You may be wondering what makes a learning experience so special that it needs its own subdiscipline. I mean, what makes this blog different from any of the user interface (UI) or user experience (UX) design blogs already out there?
Here are just a few of the things I believe make Interface Design for Learning unique:
• Education joins the party: There are decades of research in education and the "learning sciences" that designers have yet to plunder. Should we really be designing learning without this knowledge?
• User goals meet instructional goals: Traditional UX centers on user goals, balancing them with business goals. Learning centers on instructional goals that users may or may not be aware of. Tasks that user seeks to accomplish are important, but they are only one consideration among many. While user-centered design is about transforming the user.
• Learning is multiscale: Learning designers must manage user and instructional goals at very different scales, for example, at the level of subtask, task, activy, class, course, and possibly even degree or career.
• Learning changes user needs: In the Cambridge Handbook of the Learning Sciences, Chris Quintana and colleagues highlight a distinction between user-centered and learner-centered design: “Developing new understanding is the central goal for learners. If learner-centered software is at all successful, a learner’s understanding will grow and change significantly while using the software and thus the software will have to change with them.”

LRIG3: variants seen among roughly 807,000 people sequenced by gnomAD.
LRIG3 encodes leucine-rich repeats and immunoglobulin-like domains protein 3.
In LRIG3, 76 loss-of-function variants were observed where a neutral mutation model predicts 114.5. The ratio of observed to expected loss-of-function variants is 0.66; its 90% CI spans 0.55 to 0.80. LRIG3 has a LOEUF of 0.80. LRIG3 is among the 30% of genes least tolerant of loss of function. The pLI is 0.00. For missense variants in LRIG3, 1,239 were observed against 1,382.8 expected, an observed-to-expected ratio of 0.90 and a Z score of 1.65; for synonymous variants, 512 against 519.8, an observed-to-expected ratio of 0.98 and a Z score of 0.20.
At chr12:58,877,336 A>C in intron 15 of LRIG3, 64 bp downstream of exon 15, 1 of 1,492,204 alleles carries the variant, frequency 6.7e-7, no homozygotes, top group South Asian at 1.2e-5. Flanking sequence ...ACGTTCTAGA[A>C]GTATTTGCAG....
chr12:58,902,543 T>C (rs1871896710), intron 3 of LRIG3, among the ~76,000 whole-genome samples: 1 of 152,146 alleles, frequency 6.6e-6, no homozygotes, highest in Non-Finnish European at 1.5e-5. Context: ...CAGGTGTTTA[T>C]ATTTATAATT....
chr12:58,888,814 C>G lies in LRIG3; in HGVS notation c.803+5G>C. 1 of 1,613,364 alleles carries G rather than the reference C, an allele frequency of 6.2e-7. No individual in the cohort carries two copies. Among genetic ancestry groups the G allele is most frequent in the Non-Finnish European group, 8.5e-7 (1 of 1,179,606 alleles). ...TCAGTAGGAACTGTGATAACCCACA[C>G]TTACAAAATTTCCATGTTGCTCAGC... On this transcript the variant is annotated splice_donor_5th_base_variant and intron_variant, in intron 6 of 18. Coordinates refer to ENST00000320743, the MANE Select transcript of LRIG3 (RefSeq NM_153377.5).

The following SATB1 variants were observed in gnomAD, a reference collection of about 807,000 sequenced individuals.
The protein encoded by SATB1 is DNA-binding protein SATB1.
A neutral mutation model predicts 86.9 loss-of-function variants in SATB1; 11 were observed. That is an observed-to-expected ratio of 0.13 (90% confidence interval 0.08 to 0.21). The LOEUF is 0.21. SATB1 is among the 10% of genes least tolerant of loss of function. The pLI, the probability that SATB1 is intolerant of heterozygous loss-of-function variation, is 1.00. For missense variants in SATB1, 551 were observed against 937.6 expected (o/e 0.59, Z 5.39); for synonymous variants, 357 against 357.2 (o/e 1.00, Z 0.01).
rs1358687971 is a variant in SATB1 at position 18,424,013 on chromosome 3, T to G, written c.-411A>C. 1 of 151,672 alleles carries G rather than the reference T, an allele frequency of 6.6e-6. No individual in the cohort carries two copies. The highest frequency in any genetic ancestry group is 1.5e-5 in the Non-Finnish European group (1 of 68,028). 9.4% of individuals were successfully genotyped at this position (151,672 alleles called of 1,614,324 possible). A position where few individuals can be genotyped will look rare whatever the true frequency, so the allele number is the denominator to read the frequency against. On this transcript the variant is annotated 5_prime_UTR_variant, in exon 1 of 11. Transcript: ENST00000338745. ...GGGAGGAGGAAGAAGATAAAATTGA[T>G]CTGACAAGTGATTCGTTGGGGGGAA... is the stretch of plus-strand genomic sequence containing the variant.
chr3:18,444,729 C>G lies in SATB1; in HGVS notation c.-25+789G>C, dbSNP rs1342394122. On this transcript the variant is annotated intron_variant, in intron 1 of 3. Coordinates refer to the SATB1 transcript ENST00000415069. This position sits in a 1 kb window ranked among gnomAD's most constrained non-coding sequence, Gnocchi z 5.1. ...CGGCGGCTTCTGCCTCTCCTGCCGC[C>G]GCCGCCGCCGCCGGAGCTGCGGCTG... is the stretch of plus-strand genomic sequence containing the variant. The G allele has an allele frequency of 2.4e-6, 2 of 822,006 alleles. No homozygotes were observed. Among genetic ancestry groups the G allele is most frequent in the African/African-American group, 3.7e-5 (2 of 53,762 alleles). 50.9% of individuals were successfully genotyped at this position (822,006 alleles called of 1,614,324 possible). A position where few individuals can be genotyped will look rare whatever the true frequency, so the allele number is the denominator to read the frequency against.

• Desirable difficulty: In general, good interface design aims to remove obstacles and improve efficiency. In learning design, information might deliberately be obscured or a procedure deliberately slowed to leverage the instructional benefits of reflection, effort, or even “productive failure.” As MIT design professor John Maeda puts it, “Giving students a seemingly insurmountable challenge is the best motivator to learn.” However, the mere operation of the interface shouldn’t be the cause of irrelevant challenge or distraction. Steve Kurg’s timeless tenet “Don’t make me think” remains sacred. Usability bloopers are not desirable difficulty. Intrinsic challenge is linked to the learning activity itself, and designed in deliberately.
• Quiet design: One of the best things an interface can do for learning is stay out of the way. A restrained and targeted use of visual elements is especially important to learning --- overuse of color and other visual elements has been shown to decrease learning outcomes.
• Emotions for learning: Learning evokes a unique palette of emotions that we can skillfully tap into through interface design. In addition to those emotions commonly valued in UX (like pleasure, delight, and curiosity), learning experiences can benefit from calm, happiness, small amounts of stress, frustration, and a state of flow.
• Control over experience: UX can seek total control. As Jesse James Garrett notes in The Elements of User Experience, “No aspect of the user’s experience with your product happens without your conscious explicit intent.” Learning researchers take a very different view. Far from seeking to determine every detail of learner’s experience, they embrace the uniqueness and flexibility of individual experience. Educational technology researchers Peter Goodyear and Lucia Carvalho emphasize that “we may be able to design the thing which is experienced, but we can’t design the experience itself.” This is an important distinction, because it lets us consider the impact of the many undesignable elements during needs analysis. Things like prior knowledge, social resources, location constraints, available tools, or preconceptions all affect learning. Acting as facilitators, we find that the best design philosophy is one that sees the learner and the environment as adaptive and evolving through experience.